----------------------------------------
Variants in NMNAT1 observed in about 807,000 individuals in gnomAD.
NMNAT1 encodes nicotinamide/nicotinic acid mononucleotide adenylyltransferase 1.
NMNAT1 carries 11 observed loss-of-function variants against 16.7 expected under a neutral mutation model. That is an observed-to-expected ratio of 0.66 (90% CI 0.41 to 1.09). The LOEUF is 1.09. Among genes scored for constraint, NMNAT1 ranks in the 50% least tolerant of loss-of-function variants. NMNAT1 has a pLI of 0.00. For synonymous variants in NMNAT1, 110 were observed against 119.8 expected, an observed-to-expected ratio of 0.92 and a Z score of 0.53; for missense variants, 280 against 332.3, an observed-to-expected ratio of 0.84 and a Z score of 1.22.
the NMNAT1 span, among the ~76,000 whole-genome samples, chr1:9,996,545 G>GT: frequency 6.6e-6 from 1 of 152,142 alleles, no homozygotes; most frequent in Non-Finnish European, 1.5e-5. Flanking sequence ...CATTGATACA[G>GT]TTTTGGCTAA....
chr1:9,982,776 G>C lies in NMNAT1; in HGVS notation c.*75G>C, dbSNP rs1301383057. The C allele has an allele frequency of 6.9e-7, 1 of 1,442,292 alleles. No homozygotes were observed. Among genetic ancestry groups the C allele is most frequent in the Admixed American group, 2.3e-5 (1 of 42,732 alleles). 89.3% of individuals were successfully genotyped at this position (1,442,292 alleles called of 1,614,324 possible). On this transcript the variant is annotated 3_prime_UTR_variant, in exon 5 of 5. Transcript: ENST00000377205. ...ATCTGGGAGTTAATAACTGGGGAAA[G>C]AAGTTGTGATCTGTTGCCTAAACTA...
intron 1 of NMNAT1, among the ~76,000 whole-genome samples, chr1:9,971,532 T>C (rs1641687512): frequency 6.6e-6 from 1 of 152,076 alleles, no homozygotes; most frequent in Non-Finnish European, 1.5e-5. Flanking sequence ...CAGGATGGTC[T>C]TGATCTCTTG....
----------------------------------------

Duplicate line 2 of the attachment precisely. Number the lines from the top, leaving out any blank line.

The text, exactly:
NMNAT1 encodes nicotinamide/nicotinic acid mononucleotide adenylyltransferase 1.